Dilworth, Thomas (text) & David Jones (illus.). David Jones in the Great War. Enitharmon Pr. Jun. 2014. 232p. illus. index. ISBN 9781907587245. $34.95. HIST
Starting in 1915, British artist and poet David Jones (1895–1974) served in the same regiment in France as Siegfried Sassoon and Wilfred Owen (though at a lower rank). In nine chapters, Dilworth (English, Univ. of Windsor, Ont.) chronicles Jones’s path from “Pre-war (1895-1914)” though action in the Somme, Ypres, and Passchendaele, through to his life as a disaffected veteran back home. Sketches (unfortunately all black and white) by the artist and period photographs depict the western front as well as French village life, Jones, and the men with whom he served. The soldier’s poetry is sprinkled throughout, too. Art and history experts will appreciate that many of the images are previously unpublished, and the inclusion of seven sketches not available since the war. VERDICT For academic art and history collections and libraries that serve fervent amateur historians.
Doyle, Peter Chris Foster. What Tommy Took to War: 1914–1918. Shire. 2014. 120p. photos. index. ISBN 9780747814030. $12.95. HIST
“Tommy Atkins,” as the British public nicknamed the men who went to war, was burdened with around 60 pounds of extra clothing, weapons, ammunition, and cleaning supplies. After a pithy introduction that describes the British World War I uniform over time and in various climates, a spread per item (one full-page photo opposite descriptive text) in this small book catalogs Tommy’s belongings. They range from military supply such as paybooks and medals to keepsakes that comforted the inexperienced combatants—only around 400,00 of the four million were peacetime soldiers—so far from home. VERDICT Well researched, absorbing, and affecting.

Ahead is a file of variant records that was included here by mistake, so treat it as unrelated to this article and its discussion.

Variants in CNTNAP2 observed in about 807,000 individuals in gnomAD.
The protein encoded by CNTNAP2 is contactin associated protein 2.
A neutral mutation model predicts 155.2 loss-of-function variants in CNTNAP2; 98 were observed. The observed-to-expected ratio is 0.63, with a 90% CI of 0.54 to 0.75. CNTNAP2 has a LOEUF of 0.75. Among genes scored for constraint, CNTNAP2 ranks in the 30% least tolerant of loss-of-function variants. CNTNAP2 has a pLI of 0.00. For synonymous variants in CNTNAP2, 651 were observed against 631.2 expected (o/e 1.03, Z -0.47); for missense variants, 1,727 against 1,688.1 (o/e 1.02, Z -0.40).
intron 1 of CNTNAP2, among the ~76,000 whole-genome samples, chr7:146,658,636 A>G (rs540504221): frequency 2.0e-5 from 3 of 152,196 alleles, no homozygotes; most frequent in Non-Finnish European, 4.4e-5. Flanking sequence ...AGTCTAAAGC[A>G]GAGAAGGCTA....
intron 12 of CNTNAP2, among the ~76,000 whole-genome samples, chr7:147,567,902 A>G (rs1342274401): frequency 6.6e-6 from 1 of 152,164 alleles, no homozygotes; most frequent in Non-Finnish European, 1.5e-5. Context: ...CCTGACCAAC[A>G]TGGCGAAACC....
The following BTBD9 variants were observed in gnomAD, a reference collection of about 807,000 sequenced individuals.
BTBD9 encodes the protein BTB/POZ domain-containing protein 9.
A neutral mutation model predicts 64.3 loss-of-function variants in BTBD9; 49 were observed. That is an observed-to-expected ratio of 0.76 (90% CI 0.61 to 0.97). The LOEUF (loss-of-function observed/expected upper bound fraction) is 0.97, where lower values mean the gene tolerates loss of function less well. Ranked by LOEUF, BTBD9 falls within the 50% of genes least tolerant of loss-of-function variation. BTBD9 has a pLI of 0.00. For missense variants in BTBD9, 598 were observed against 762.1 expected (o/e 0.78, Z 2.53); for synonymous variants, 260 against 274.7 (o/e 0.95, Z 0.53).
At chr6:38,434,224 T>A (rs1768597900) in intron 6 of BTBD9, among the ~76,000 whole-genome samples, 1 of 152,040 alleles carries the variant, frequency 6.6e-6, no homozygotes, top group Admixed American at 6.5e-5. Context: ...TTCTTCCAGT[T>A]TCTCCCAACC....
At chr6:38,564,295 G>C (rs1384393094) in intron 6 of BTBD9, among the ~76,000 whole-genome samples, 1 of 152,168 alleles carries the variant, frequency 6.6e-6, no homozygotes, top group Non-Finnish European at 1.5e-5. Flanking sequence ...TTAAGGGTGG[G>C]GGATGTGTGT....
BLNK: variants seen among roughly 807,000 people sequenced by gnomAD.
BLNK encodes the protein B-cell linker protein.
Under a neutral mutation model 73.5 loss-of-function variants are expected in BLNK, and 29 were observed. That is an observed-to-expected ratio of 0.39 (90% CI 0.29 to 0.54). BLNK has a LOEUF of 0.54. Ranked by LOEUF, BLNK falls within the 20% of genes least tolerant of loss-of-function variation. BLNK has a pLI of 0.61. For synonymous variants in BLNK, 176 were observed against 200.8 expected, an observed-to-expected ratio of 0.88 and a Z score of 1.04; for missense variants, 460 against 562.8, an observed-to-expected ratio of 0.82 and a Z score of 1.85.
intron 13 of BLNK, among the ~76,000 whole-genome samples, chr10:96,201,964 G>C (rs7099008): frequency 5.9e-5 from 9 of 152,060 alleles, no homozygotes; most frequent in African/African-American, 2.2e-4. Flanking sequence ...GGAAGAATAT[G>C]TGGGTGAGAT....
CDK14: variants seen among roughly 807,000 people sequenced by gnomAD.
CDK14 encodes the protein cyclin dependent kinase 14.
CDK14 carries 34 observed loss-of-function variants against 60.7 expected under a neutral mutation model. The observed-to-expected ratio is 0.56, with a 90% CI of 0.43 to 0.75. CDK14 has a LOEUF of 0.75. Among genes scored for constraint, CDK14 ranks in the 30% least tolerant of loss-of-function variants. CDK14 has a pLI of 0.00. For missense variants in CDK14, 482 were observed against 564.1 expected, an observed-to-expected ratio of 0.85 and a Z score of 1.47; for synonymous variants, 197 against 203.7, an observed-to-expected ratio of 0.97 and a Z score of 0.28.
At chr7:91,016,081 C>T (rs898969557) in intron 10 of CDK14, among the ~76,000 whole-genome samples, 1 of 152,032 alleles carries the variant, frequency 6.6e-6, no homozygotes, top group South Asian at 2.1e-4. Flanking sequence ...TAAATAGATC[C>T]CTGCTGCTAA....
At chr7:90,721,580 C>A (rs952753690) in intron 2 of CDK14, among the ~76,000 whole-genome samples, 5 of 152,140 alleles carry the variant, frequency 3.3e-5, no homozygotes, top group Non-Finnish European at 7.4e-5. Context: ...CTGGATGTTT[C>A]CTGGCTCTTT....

Florczyk, Steven. Hemingway, the Red Cross, and the Great War. Kent State Univ. 2014. 199p. illus. notes. bibliog. index. ISBN 9781606351628. $49. LIT
In June 1918, Ernest Hemingway (1899–1961) became a volunteer ambulance driver at the Italian front. Though his experience was short—after about a month he was injured and returned home to a hero’s welcome—it inspired and provided source material for much of his writing, including A Farewell to Arms. Florczyk’s (English, Louisiana State Univ.) work is detailed and informed—the exhaustive notes and bibliography comprise around 50 pages of the text. While the author’s tone is scholarly, he portrays Hemingway the man, not just the writer, by using primary source material such as the volunteer’s commanding officer’s letters and diary. A section of images includes a map of the Italian theater of war, pages of the officer’s diary, newspaper articles from the time, photographs of Hemingway and of wartime Italy, and letters. VERDICT The work’s reliance upon previously unexamined material makes this profile of Hemingway of value to completist literature and history collections.